There might not have been much tennis played in January, but that didn’t stop Naomi Osaka from having a very productive start to the year.
A seven-figure deal for a Louis Vitton endorsement. The new brand ambassador for TAG Heuer. A sponsorship with human resources firm Workday that will see her wear the firm’s logo on her outfit. And a part ownership in women’s football team North Carolina Courage.
Osaka’s portfolio is increasing and her stock is rising, fast.
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All this after a year when she became the highest annual earner in women’s professional sporting history and also earned praise for speaking about against racial injustice.
She is becoming the face of women’s tennis, even if she isn’t quite ready to admit it.
“There's so many interesting new people. I think I'm one of the new people,” she said this week ahead of the Gippsland Trophy.
“As long as Serena's here, I think she's the face of women's tennis.”
That may be true for now, but Osaka is primed to take over.

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On the court she is showing signs that her game is evolving and improving. She cut a glum figure after a surprise defeat to Coco Gauff in the third round of the Australian Open last year, calling the loss "a wake-up call."
When the tour returned in the summer she looked revitalised and made the final of the Western & Southern Open - which she withdrew from due to injury - before winning the US Open. Although she has admitted to being rusty at the start of this year, having not played competitively since September, she has won both her matches at the Gippsland Trophy to extend her winning run to 13 matches.
"I feel like the last year changed me a lot," she revealed after her return to action in Melbourne. She will take on former quarter-finalist in Melbourne, Anastasia Pavlyuchenkova, in the first round.
"There were a lot of things I was struggling with, and I feel like during quarantine I really had to dig deep in myself and try to figure it out for myself. I feel like there's a lot of people that had to go through that, and I'm just a person that you happen to ask questions to a lot.
"I think the me from last year is very different from the me this year. There's a lot of things I think I learned last year, and even a lot of things that I do differently with my new team."
Among her team is experienced coach Wim Fissette, who has previously coached Victoria Azarenka, Kim Clijsters, Simona Halep and Angelique Kerber. The pair have been working together since December 2019, when Fissette said the job was the “best in women’s tennis”.
It’s hard to argue that isn’t still the case, particularly as Fissette believes Osaka is motivated by what she does off the court, rather than distracted.
Speaking at the US Open, when Osaka wore different masks to remember black victims of alleged police or racist violence, Fissette said: "It’s definitely helping her and giving her even more energy. She always has the motivation…But this is like an extra motivation.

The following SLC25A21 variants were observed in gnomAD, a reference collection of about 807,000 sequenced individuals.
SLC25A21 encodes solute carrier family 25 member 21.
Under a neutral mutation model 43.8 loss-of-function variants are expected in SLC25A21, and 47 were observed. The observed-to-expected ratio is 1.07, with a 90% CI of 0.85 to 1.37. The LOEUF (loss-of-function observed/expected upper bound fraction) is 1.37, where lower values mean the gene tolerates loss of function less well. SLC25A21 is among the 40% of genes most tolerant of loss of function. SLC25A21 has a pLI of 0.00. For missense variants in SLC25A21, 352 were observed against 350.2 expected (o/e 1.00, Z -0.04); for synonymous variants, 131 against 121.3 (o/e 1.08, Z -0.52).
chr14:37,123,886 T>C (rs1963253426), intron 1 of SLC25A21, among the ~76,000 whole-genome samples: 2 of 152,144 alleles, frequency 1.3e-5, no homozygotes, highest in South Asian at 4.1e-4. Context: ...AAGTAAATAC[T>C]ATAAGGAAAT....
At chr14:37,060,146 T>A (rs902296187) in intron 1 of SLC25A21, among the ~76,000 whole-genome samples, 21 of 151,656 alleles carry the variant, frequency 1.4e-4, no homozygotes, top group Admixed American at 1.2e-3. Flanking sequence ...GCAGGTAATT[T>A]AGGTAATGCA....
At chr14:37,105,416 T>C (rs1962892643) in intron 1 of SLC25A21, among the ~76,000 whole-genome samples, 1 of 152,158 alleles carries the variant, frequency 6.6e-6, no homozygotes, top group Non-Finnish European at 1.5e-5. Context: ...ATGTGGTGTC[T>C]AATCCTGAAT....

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"It’s very important to have big personalities like Naomi to make a change, hopefully, one day. I think it’s a great thing that she does. For sure, with wearing the masks, she wants to be a role model, but she also knows that it has to go together with the role model on court. It’s a good combination. Role model off court, great attitude on court. So far, it’s working really well. I’m very proud of her."
Still only 23, Osaka has proved she can deliver on the biggest stages, with three of her six titles coming at Grand Slams. But can she dominate the sport?
This looks to be a big year for her as she aims to make amends for her early loss at the Australian Open last season and then targets the Olympics in her home country of Japan, before trying to defend her title at the US Open. There’s also the challenge of showing improvements at Roland Garros and Wimbledon, neither of which she is yet to make it past the third round.
Former world No 1 Lindsey Davenport has high hopes for Osaka over the next few years.
"I think Osaka is going to be kind of the dominant force in women's tennis in the next five to seven years if she continues to play that long," she told Tennis Now.

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"I assume she will. I think her team, everybody around her, has a pretty good handle on what is the amount she needs to play. We only want her to play if she is ready to go and she's happy. I think that they have done a very good job of letting her blossom as a young, one of the most famous now females in the world.”
Osaka herself sounds well-prepared and in a good place ahead of the Australian Open.
"For me, it's almost like a privilege to be able to be here right now because there's so many things that are going on. Yeah, I would say that I'm more experienced. Maybe a year gave me more experience."
With extra experience and an improving game, Osaka should be difficult to stop in Melbourne.
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